Friday, November 11, 2011

In midnights, in cups of coffee.....

Today was the tail end of Eid, and there was no school, so I slept til noon.

At one, my student Abdel Naser picked me up to go have lunch with his family in Tubas. Abdel Naser is a star student. He's a lawyer, 42-years-old, has four children, and tries the hardest of anyone in my adult class. He always asks to copy the songs I play onto his flash drive, and his favorite so far is "This Used To Be My Playground" by Madonna. He also enjoyed Seasons of Love, and agreed that cups of coffee were a good measure of life in Palestine. That and hard work.

We arrived at his family's house and I hung out in the couch room with his wife, watching the kids and their cousins run in and out of the house. I call it the couch room because every Palestinian home I've seen has a room with matching couches on three sides, where company is hosted. And lots of children and their cousins. I confirmed nicknames with Abdel Naser: Mohammad is Hamudi, Ahmad is Hamada, and Abdullah is Aboodi. Like William would be.....Willy or Billy.

We ate makloubeh, a chicken and rice dish. I talk about it in my class all the time, so Abdel Naser knew I loved it. I was served until I was about to pop. Then we had cola, then fruit, then coffee.

We were joined by Abdel Naser's brother, Mahmoud. Mahmoud taught himself to speak English, and now teaches at a UN school near Jericho. His English is really good, and he quizzed his son every time he came in. "What's this?" "Ummm, fork, no, knife." "Sing the tree song!"

He asked me what I thought of the Palestinian English curriculum. I said, "terrible." Mahmoud thought so too. He did research in English classes all over the West Bank, and he had pages of charts showing the percentage of teachers who used certain methods, translating into Arabic, lectures, multimedia, role plays, etc...he said the government curriculum had been written by university professors who didn't know how to work with children, so the lessons are far too difficult. When young children try to grasp the ideas, they feel defeated and incapable, he said, and by the end of high school, English class is considered a waste of time, for the students and teachers both. I see how my 9th and 10th grade students have words on the board like "effective," "environment" and "department" and they don't know how to answer a question like "where are you going?" Mahmoud felt like what the designers of the curriculum were doing was tantamount to abuse for their students, and as for teachers who speak up..."they don't listen to us."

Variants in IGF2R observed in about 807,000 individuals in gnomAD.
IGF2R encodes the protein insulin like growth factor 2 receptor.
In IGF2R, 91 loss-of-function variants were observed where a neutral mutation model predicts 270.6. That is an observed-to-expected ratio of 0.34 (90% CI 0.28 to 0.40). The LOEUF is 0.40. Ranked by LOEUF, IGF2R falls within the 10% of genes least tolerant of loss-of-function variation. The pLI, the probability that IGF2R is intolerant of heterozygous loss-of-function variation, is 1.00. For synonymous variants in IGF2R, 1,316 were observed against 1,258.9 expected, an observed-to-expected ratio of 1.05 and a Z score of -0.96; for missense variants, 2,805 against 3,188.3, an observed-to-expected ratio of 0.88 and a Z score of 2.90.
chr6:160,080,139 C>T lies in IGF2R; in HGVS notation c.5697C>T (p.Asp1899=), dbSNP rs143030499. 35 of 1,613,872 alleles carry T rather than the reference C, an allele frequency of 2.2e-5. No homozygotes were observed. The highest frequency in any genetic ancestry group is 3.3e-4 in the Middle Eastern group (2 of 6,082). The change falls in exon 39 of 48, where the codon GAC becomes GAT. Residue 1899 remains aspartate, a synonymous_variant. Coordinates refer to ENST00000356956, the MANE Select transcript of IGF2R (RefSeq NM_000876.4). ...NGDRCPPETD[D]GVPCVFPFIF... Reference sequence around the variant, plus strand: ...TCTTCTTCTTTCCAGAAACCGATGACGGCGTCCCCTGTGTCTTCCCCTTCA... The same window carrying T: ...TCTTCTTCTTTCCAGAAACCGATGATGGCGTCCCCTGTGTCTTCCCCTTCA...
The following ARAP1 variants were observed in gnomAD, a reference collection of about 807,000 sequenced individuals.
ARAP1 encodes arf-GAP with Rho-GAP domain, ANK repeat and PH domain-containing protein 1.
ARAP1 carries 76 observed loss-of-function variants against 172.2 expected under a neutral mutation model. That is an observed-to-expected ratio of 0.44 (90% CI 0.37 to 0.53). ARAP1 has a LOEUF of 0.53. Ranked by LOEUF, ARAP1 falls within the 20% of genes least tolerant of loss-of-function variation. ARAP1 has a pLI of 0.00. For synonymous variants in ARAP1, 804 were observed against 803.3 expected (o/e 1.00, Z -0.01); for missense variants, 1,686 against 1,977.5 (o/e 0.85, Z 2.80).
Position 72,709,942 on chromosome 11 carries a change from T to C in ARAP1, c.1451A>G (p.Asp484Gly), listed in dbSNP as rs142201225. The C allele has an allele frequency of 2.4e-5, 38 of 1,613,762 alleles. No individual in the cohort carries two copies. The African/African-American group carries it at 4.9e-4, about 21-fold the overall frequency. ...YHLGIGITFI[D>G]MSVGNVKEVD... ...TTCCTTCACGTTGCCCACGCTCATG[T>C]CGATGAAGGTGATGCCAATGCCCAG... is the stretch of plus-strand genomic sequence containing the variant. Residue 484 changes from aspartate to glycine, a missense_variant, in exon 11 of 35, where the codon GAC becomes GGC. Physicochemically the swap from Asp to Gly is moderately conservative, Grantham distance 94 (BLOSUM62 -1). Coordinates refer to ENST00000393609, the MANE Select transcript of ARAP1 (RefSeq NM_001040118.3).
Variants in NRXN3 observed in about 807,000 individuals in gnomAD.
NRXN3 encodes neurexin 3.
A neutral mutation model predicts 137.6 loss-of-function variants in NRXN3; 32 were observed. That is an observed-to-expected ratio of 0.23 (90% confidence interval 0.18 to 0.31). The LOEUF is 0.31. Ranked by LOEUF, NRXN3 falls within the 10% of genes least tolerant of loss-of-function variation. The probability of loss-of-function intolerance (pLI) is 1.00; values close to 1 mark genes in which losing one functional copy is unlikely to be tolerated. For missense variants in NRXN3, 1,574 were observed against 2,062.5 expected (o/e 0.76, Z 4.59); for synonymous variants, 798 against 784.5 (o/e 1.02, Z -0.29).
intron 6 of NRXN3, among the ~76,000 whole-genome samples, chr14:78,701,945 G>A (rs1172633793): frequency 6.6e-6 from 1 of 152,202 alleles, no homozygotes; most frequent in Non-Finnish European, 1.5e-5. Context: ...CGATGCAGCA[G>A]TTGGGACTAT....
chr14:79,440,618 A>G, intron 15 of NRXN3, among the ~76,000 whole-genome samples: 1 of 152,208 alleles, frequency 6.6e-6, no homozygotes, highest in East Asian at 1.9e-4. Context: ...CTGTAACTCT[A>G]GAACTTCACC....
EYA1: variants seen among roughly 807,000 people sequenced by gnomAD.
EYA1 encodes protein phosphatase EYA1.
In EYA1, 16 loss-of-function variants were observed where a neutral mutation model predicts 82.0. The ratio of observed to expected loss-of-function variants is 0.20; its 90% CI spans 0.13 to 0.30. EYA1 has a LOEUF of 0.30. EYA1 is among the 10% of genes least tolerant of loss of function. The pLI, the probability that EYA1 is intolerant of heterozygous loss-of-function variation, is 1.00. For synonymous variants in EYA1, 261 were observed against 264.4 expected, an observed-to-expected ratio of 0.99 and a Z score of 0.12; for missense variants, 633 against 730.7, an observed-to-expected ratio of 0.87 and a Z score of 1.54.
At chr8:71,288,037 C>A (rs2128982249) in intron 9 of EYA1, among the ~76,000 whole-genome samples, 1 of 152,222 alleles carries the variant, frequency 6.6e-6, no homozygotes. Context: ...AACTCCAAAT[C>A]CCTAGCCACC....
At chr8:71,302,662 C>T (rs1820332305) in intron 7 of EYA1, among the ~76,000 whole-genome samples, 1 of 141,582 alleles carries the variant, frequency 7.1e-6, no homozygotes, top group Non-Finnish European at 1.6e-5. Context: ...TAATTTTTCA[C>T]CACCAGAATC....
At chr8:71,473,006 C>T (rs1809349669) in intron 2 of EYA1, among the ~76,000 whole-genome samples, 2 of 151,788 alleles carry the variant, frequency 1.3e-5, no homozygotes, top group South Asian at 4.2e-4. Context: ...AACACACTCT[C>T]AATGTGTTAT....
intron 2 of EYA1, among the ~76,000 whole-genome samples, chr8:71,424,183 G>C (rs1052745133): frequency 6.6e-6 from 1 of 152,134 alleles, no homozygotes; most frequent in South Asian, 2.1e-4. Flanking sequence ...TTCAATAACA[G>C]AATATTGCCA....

I was amazed at how passionate Mahmoud was about his work. I was happy to report that the Deputy Minister of Education for Tubas had come to one of my classes, and he said basically the same things. He gave my students a pep talk ("take advantage of this opportunity to speak, you're very lucky to have this woman here!") and I got to speak with him after class about the curriculum's poor results. The books had just changed, starting with grades 1-5. That was good to hear. Just two weeks ago I was in the guest house kitchen, and through my window I could hear the 3rd grade students yelling "I like potatoes! I like chips!" The teacher caught sight of me (I was cooking pumpkin jam in a cowboy hat), and I think the sight of me startled her a little.

Throughout that visit, Mahmoud kept asking me questions about slang and pronunciation, and that's always fun for me. It's fun to be an expert on something. Mostly what I did was laugh at his British slang, like "I'm a little peckish." But it was inspiring, as a language student, to see how much he'd learned through self-teaching, and films and music...he loved Carole King. Pop music can be nice, but both he and his brother agreed that the best music is the kind that has real meaning and isn't just about women's bodies. He said Oum Kalthoum is the greatest Arabic singer of all time, because her words come from the heart. Listening to him talk about his favorite lyrics about nature and time made me wish that more people knew that Arabic men are romantic. It's a sweetness that makes me despair a little.